On Israeli Settlement Freeze, Public Has Obama's Back

There have been hints in the press that the Obama Administration has
been considering conditioning U.S. aid to Israel on a real freeze of
Israeli settlement expansion in the West Bank. There's a conventional
wisdom that suggests that doing this would touch a "third rail of
politics." But the conventional wisdom might not have been accurate;
if it once was accurate, it might not be accurate any more.

WorldPublicOpinion.org has just released a poll
showing that three-quarters of Americans oppose Israeli settlement
expansion in the West Bank. This number is up 23 points from 2002.

Even among respondents who say they sympathize with Israel more than
the Palestinians, 64% say Israel should not build settlements in the
West Bank.

Opposition to settlements is found among majorities of Democrats,
Republicans, and independents. Those who followed the issue closely
oppose settlement expansion by the same margin as those who don't.

Some may say: public opinion doesn't matter. What matters, they may
say, is that the so-called "Israel Lobby" will effectively punish any
politician who tries to shift U.S. policy towards Israel and the

But the Obama Administration has already proved that this isn't necessarily so.

The Los Angeles Times reports:

The administration has asked Congress for minor changes in
U.S. law that would permit aid to continue flowing to Palestinians in
the event Hamas-backed officials become part of a unified Palestinian

Secretary of State Clinton defended the administration's position
before Congress. She noted that

the United States supports and funds the Lebanese
government, even though it includes members of Hezbollah, another
militant group on the U.S. terrorist list.

Reps. Nita Lowey and Mark Kirk objected. But as the Jewish
Telegraphic Agency

Significantly, however, Rep. Debbie Wasserman Shultz
(D-Fla.), a pro-Israel stalwart, defended Clinton in a call organized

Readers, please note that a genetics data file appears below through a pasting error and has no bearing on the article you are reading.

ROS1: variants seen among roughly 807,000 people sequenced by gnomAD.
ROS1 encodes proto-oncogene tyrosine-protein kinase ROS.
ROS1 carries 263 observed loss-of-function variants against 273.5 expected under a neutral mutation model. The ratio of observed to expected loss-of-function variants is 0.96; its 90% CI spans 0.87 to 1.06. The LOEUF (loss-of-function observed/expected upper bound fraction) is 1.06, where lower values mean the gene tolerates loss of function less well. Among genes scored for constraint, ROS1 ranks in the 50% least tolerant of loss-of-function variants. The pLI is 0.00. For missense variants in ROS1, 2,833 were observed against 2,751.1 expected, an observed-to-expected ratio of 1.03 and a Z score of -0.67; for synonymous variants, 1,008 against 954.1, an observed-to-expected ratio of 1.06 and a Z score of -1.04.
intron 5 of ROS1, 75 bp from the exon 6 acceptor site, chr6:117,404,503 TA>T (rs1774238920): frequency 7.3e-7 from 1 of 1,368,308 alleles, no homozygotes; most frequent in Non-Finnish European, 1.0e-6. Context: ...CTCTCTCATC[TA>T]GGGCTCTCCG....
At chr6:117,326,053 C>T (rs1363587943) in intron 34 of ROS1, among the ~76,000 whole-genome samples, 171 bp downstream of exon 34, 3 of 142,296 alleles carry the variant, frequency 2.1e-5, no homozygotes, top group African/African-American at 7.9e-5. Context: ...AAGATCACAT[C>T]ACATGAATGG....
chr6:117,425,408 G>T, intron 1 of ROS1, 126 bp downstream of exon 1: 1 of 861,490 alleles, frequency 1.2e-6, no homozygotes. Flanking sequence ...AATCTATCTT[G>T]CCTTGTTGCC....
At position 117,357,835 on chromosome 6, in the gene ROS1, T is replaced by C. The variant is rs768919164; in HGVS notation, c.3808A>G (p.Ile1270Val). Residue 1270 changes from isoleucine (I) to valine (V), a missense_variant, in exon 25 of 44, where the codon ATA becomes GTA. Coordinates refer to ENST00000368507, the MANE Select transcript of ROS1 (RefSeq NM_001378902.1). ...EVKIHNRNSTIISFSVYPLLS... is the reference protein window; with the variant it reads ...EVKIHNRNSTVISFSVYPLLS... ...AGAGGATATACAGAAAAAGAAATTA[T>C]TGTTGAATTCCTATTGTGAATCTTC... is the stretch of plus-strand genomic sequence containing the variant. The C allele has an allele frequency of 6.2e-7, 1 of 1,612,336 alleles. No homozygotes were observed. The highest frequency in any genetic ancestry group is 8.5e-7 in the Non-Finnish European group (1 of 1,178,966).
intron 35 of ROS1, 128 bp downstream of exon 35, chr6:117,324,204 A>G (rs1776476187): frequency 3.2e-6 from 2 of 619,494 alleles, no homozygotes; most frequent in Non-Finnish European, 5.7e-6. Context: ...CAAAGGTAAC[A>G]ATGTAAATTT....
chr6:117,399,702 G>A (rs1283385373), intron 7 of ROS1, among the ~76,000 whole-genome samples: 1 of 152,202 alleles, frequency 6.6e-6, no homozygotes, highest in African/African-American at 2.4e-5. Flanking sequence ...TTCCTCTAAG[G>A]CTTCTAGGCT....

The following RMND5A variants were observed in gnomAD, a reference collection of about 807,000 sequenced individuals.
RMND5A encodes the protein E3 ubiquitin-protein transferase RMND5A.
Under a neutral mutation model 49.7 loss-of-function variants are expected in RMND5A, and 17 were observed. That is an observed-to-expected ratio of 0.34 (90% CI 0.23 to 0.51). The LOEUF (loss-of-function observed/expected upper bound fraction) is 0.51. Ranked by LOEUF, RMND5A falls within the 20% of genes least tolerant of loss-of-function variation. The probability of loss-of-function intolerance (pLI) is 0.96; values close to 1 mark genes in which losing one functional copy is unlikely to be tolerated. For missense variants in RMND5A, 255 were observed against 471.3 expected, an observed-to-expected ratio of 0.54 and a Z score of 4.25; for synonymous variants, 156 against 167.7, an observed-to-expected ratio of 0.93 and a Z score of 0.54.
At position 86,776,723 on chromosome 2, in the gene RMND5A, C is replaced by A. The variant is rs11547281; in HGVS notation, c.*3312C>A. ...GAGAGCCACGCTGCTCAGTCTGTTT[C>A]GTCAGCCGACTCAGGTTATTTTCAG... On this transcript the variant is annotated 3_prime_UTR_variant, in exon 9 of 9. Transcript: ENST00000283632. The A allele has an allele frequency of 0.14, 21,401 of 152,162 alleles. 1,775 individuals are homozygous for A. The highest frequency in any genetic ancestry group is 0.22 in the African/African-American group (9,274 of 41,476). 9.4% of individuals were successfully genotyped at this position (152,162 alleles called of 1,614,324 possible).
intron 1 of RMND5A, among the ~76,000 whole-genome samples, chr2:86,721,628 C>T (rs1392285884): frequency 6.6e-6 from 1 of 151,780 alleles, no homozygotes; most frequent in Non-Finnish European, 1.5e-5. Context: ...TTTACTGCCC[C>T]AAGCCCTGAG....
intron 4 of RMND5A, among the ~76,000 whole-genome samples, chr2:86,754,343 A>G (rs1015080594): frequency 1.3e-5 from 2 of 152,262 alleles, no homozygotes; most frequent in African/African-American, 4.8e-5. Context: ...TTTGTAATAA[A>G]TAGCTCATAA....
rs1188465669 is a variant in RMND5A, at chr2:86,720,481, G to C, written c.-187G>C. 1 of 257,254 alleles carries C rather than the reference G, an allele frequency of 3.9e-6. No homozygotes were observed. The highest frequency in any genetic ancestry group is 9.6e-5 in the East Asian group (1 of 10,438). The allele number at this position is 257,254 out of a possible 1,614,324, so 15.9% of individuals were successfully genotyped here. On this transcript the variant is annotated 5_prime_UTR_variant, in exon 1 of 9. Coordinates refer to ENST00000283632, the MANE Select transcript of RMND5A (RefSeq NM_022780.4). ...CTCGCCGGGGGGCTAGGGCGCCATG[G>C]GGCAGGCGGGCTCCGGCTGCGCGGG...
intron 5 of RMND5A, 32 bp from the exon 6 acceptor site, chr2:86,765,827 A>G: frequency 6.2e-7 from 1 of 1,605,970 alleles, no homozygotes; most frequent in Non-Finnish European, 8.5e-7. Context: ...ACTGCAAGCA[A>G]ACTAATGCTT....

by the National Jewish Democratic Council to mark the first 100 days
of the Obama administration.

"The unity government itself will have embraced those principles," she
said. "The most important priority for members of Congress is to
support Israel and to move the peace process forward."

If the Obama Administration can shift U.S. policy towards engaging in
some form with Hamas, then surely it can shift policy towards moving
the U.S. from ineffective to effective implementation of its stated
policy of opposition to Israeli settlement expansion, as it is
virtually universally recognized that stopping Israeli settlement
expansion is an absolutely necessary element of achieving a two-state
solution to the Israel-Palestine conflict -- just as it is virtually
universally recognized that some form of engagement with Hamas will be
necessary to achieve a two-state solution in the long run, and to get
effective aid into Gaza in the short run.

Moreover, if the U.S. would get serious about stopping Israeli
settlement expansion, it could help fundamentally alter the political
dynamics in Israel. Israel's right-wing has grown accustomed to the
notion that Israel can indefinitely go through the motions of a "peace
process," while steadily expanding settlements in the West Bank in the
hopes of making a Palestinian state impossible. If the U.S. puts an
end to this game, it will empower the political forces in Israel who
genuinely want a two-state solution -- who, on this question, represent
the majority of the Israeli population.

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